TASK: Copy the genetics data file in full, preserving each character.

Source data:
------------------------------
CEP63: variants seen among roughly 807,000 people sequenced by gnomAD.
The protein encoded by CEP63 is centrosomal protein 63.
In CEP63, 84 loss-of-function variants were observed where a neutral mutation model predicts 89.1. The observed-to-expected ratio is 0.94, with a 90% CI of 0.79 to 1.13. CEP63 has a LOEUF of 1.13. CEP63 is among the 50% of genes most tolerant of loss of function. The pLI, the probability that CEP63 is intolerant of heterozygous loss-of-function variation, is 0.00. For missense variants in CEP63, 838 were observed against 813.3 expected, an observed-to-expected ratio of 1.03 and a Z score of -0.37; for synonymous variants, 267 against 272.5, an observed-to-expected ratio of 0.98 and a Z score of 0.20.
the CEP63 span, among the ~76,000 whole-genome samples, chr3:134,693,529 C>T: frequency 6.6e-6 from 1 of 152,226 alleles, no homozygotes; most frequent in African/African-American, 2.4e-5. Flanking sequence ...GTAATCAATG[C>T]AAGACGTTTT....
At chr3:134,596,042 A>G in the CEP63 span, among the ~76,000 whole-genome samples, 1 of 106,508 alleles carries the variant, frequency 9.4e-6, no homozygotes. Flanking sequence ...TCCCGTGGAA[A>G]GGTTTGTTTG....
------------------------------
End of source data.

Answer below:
CEP63: variants seen among roughly 807,000 people sequenced by gnomAD.
The protein encoded by CEP63 is centrosomal protein 63.
In CEP63, 84 loss-of-function variants were observed where a neutral mutation model predicts 89.1. The observed-to-expected ratio is 0.94, with a 90% CI of 0.79 to 1.13. CEP63 has a LOEUF of 1.13. CEP63 is among the 50% of genes most tolerant of loss of function. The pLI, the probability that CEP63 is intolerant of heterozygous loss-of-function variation, is 0.00. For missense variants in CEP63, 838 were observed against 813.3 expected, an observed-to-expected ratio of 1.03 and a Z score of -0.37; for synonymous variants, 267 against 272.5, an observed-to-expected ratio of 0.98 and a Z score of 0.20.
the CEP63 span, among the ~76,000 whole-genome samples, chr3:134,693,529 C>T: frequency 6.6e-6 from 1 of 152,226 alleles, no homozygotes; most frequent in African/African-American, 2.4e-5. Flanking sequence ...GTAATCAATG[C>T]AAGACGTTTT....
At chr3:134,596,042 A>G in the CEP63 span, among the ~76,000 whole-genome samples, 1 of 106,508 alleles carries the variant, frequency 9.4e-6, no homozygotes. Flanking sequence ...TCCCGTGGAA[A>G]GGTTTGTTTG....